Is Etonogestrel compatible with breastfeeding? Do we have alternatives for Etonogestrel?


March 16, 2018 (Very Low Risk)

Progestin drug that is an active metabolite of desogestrel.
It is used for contraception as subcutaneous implants with a duration of 3 years.

It is excreted into breast milk in small quantities, and, no problems were observed in infants whose mothers used this medication.

Although it is considered safer to start using it after 4-6 postnatal weeks, there have been studies that found that implants applied early in the first days or hours after birth does not affect either production or milk composition and growth of infants (Carmo 2017, Lopez 2015, Braga 2015, Phillips 2015, WHO 2015, Mwalwanda 2013, CDC 2013, Gurtcheff 2011).
Only 1 in 100 women using etonogestrel implants may have a significant decrease in milk production (Stuebe 2016).

During lactation progestin-only drugs are preferred or in combination with estrogen for birth control, but whatever is used, the ones with the lower dose of estrogen should be used.
Within the first 6 weeks postpartum, non-hormonal methods are of choise.

Hormone containing contraceptives do not affect the composition of milk, minerals (Mg, Fe, Cu, Ca, P) fat, lactose and calories but only a few the proteins.


Very Low Risk

Compatible. Not risky for breastfeeding or infant.

Low Risk

Moderately safe. Mild risk possible. Follow up recommended. Read the Comment.

High Risk

Poorly safe. Evaluate carefully. Use a safer alternative. Read the Comment.

Very High Risk

Not recommended. Cessation of breastfeeding or alternative.


  • Ετονογεστρέλη (Greek)
  • إيتونوجيستريل (Arabic)
  • Этоногестрел (Cyrillic)
  • 依托孕烯 (Chinese)
  • エトノゲストレル (Japanese)
  • C22H28O2 (Molecular formula)


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  2. Stuebe AM, Bryant AG, Lewis R, Muddana A. Association of Etonogestrel-Releasing Contraceptive Implant with Reduced Weight Gain in an Exclusively Breastfed Infant: Report and Literature Review. Breastfeed Med. 2016Abstract
  3. Berens P, Labbok M; Academy of Breastfeeding Medicine. ABM Clinical Protocol #13: Contraception During Breastfeeding, Revised 2015. Breastfeed Med. 2015Abstract Full text (link to original source) Full text (in our servers)
  4. Braga GC, Ferriolli E, Quintana SM, Ferriani RA, Pfrimer K, Vieira CS. Immediate postpartum initiation of etonogestrel-releasing implant: A randomized controlled trial on breastfeeding impact. Contraception. 2015Abstract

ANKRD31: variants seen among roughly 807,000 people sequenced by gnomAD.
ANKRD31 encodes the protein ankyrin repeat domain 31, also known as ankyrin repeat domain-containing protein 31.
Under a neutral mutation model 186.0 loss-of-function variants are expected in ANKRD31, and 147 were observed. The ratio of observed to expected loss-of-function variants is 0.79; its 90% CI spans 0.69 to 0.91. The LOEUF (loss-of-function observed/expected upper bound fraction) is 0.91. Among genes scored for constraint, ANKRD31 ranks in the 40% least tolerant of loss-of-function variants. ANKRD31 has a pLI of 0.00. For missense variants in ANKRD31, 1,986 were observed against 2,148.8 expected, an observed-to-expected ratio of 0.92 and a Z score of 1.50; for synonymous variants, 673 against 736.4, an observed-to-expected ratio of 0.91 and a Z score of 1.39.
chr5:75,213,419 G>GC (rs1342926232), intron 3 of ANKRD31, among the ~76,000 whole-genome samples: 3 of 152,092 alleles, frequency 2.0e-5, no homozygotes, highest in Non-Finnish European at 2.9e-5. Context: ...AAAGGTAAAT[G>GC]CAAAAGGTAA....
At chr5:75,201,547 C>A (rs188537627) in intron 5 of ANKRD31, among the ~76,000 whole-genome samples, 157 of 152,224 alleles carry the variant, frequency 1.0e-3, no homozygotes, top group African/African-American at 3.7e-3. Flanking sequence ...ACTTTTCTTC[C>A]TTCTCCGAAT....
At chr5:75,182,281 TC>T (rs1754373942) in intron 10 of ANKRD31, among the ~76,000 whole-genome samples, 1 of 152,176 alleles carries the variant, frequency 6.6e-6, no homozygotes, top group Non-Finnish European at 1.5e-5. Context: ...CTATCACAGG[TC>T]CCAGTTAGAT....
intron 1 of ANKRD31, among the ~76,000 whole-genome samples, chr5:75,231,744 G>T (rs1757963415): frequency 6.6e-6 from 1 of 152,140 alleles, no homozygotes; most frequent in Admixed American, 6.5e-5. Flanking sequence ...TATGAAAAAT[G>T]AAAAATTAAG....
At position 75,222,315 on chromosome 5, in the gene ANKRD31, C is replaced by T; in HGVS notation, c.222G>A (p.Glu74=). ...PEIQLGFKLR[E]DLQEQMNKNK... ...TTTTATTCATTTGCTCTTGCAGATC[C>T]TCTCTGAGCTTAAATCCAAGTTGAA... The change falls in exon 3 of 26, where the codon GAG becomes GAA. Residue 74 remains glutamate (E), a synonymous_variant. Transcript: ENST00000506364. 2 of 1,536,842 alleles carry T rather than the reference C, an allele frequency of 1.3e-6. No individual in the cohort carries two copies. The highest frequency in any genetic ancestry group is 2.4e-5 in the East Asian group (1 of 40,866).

5. Phillips SJ, Tepper NK, Kapp N, Nanda K, Temmerman M, Curtis KM. Progestogen-only contraceptive use among breastfeeding women: a systematic review. Contraception. 2015Abstract Full text (link to original source) Full text (in our servers)
  6. Merk. Implanon. Product Monograph. 2015 Full text (in our servers)
  7. Berens P, Labbok M; Academy of Breastfeeding Medicine. Protocolo clínico de la ABM n.º 13: Anticoncepción durante la lactancia, revisado en 2015. Breastfeed Med. 2015 Full text (link to original source)
  8. Department of Reproductive Health and Research World Health Organization. Medical Eligibility Criteria for Contraceptive Use. WHO/RHR/15.07. 2015Abstract Full text (link to original source) Full text (in our servers)
  9. AEMPS-Merk. Implanon. Ficha técnica. 2014 Full text (in our servers)
  10. Division of Reproductive Health, National Center for Chronic Disease Prevention and Health Promotion, Centers for Disease Control and Prevention (CDC). U.S. Selected Practice Recommendations for Contraceptive Use, 2013: adapted from the World Health Organization selected practice recommendations for contraceptive use, 2nd edition. MMWR Recomm Rep. 2013Abstract Full text (link to original source) Full text (in our servers)
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  12. Mwalwanda CS, Black KI. Immediate post-partum initiation of intrauterine contraception and implants: a review of the safety and guidelines for use. Aust N Z J Obstet Gynaecol. 2013Abstract
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  16. [No authors listed] Intrauterine devices: an effective alternative to oral hormonal contraception. Prescrire Int. 2009Abstract
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  23. Kelsey JJ. Hormonal contraception and lactation. J Hum Lact. 1996Abstract
  24. [No authors listed] Progestogen-only contraceptives during lactation: II. Infant development. World Health Organization, Task Force for Epidemiological Research on Reproductive Health; Special Programme of Research, Development, and Research Training in Human Reproduction. Contraception. 1994Abstract